(CNN) -- Paintings, furniture, memorabilia and costumes owned by Barbra Streisand will be auctioned on October 17 and 18 by an auction house in West Hollywood, California.
Barbra Streisand is auctioning off items she's had for years to raise money for her foundation.
The items include costumes worn onstage, in concert and on television by the award-winning singer and actress. All the proceeds will benefit Streisand's foundation, which has donated millions of dollars to charity over the past 23 years.
CNN entertainment reporter Kareen Wynter talked to Streisand about the auction and other things. This is an edited transcript.
Kareen Wynter: Why did you decide to auction off some items?
Barbra Streisand: We really never possess anything -- I mean, not forever. We borrow things and then we let them go and be used and shared and enjoyed by the next generation and the next generation. So if you can't really use something anymore, even though it belonged to you for a long time and you loved it, it's great to pass it on. And especially if the proceeds go to my foundation, which invests in wonderful causes and organizations that help other people.
Wynter: ... It really paints a story of your career here. It must have been hard to part with some of those items though.
Streisand: Yes. As a matter of fact, I've had that dentist cabinet since I was about 18. It was one of the first things I ever bought. I had it in my New York apartment for 35 years. Each little drawer contained treasures -- miniature sewing things that held needles, I had a drawer for antique shoe buckles and drawers for ribbons, satin ribbons and grosgrain ribbons and beautiful antique ribbons, things like that. I kind of will miss it, but I can't really use it -- I haven't got the space for it. And let someone else enjoy it now, you know. Watch a tour of the items in the auction »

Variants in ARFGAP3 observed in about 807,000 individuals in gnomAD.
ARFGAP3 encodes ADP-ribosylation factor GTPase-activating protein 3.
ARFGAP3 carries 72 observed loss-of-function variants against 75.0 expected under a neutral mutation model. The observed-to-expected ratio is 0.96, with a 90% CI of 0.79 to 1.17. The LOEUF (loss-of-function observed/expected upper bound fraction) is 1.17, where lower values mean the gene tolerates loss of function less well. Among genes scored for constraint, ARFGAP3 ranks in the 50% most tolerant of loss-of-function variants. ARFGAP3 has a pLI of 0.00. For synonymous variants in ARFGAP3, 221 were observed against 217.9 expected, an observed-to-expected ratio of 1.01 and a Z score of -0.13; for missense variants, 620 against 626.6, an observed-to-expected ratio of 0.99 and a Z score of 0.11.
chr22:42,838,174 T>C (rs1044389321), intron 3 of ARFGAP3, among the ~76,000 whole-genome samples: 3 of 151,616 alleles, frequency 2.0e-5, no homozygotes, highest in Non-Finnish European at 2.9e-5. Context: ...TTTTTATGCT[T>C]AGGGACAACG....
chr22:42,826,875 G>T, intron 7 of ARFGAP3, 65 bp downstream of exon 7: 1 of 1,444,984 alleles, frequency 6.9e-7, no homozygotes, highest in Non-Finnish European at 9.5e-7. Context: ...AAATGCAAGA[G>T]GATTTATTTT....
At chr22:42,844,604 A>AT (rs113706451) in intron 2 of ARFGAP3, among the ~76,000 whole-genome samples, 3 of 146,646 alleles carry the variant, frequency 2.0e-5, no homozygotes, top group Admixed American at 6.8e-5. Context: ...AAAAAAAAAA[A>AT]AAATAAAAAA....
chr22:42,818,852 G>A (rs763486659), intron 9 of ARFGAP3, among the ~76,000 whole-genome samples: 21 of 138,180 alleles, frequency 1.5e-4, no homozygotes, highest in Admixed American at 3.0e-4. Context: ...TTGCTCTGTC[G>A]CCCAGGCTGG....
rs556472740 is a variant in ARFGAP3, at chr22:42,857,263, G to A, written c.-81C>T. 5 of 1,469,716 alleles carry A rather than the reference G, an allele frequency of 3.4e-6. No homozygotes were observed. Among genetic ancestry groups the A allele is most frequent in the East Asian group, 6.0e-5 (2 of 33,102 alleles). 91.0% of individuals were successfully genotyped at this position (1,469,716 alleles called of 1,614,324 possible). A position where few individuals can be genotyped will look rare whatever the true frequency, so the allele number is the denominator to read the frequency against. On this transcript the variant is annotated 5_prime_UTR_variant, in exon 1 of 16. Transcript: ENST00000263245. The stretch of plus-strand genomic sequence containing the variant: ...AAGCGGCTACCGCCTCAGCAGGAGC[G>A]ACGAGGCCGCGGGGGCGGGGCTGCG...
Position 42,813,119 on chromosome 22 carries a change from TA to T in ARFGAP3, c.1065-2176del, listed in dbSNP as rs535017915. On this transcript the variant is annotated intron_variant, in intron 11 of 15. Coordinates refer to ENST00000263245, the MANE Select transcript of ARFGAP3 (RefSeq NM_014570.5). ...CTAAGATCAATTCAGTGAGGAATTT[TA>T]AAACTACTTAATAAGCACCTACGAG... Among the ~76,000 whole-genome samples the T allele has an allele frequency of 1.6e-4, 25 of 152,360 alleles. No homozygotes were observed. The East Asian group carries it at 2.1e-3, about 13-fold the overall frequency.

Wynter: It must have been a big task, more than 500 items. Did you do it alone in terms of weeding through and saying, "I'm going to keep this, I'm going to auction this item"?
Streisand: Yeah. But it's been years preparing for this auction. And as a matter of fact, certain things I said, "Why am I giving that away? Wait a minute, it's back in style, actually." A couple of vests I took back, I said, "Wait a minute. We wear these now," you know, antique vests.
Wynter: ... How much do you hope to raise here?
Streisand: You know, I never thought of it. I don't know. I haven't thought about it. I haven't put a monetary value on the stuff. See the catalog and read about how to bid on the items
Wynter: ... You want to make sure that each item goes for as much money as possible, hey, if it's going to a good cause ... [so] you took pictures with some of the items, for example the piano.
Streisand: ... Yeah, that's my piano for many years, you know, 15 years I've had that piano, at least. Oh my God, no, it's probably much older than that. I probably got that in the '70s. That's a good piano. But the only reason I'm selling it is because I gave my original piano, that I bought in the '60s in my New York apartment, to my son Jason. And then he sold his New York apartment and I didn't want to let that one go, since it's a Steinway and it has a beautiful sound, so we just exchanged pianos.